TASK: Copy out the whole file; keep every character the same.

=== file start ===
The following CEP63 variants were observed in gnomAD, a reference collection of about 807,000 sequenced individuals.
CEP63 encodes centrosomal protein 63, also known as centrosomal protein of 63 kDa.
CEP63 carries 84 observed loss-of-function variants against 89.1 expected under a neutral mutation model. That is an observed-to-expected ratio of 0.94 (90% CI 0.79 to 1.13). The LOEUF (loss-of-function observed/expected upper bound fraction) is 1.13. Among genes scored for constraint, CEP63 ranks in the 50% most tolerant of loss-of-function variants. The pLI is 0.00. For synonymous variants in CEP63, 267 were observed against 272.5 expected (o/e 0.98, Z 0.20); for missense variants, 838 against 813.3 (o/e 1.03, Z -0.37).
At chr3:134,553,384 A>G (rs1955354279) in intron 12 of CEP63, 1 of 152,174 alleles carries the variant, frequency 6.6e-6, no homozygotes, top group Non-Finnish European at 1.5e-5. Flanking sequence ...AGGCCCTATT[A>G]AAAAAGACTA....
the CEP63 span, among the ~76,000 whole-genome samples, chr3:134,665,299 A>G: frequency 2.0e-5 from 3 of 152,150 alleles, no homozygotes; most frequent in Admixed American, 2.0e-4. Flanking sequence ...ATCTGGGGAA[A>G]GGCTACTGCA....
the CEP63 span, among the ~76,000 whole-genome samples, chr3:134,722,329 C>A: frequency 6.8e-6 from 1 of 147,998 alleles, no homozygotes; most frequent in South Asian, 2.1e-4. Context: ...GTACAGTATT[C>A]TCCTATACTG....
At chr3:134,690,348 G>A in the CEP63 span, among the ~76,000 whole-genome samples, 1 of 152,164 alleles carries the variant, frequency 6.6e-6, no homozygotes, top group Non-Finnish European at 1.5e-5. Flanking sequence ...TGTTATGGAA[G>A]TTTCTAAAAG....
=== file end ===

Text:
The following CEP63 variants were observed in gnomAD, a reference collection of about 807,000 sequenced individuals.
CEP63 encodes centrosomal protein 63, also known as centrosomal protein of 63 kDa.
CEP63 carries 84 observed loss-of-function variants against 89.1 expected under a neutral mutation model. That is an observed-to-expected ratio of 0.94 (90% CI 0.79 to 1.13). The LOEUF (loss-of-function observed/expected upper bound fraction) is 1.13. Among genes scored for constraint, CEP63 ranks in the 50% most tolerant of loss-of-function variants. The pLI is 0.00. For synonymous variants in CEP63, 267 were observed against 272.5 expected (o/e 0.98, Z 0.20); for missense variants, 838 against 813.3 (o/e 1.03, Z -0.37).
At chr3:134,553,384 A>G (rs1955354279) in intron 12 of CEP63, 1 of 152,174 alleles carries the variant, frequency 6.6e-6, no homozygotes, top group Non-Finnish European at 1.5e-5. Flanking sequence ...AGGCCCTATT[A>G]AAAAAGACTA....
the CEP63 span, among the ~76,000 whole-genome samples, chr3:134,665,299 A>G: frequency 2.0e-5 from 3 of 152,150 alleles, no homozygotes; most frequent in Admixed American, 2.0e-4. Flanking sequence ...ATCTGGGGAA[A>G]GGCTACTGCA....
the CEP63 span, among the ~76,000 whole-genome samples, chr3:134,722,329 C>A: frequency 6.8e-6 from 1 of 147,998 alleles, no homozygotes; most frequent in South Asian, 2.1e-4. Context: ...GTACAGTATT[C>A]TCCTATACTG....
At chr3:134,690,348 G>A in the CEP63 span, among the ~76,000 whole-genome samples, 1 of 152,164 alleles carries the variant, frequency 6.6e-6, no homozygotes, top group Non-Finnish European at 1.5e-5. Flanking sequence ...TGTTATGGAA[G>A]TTTCTAAAAG....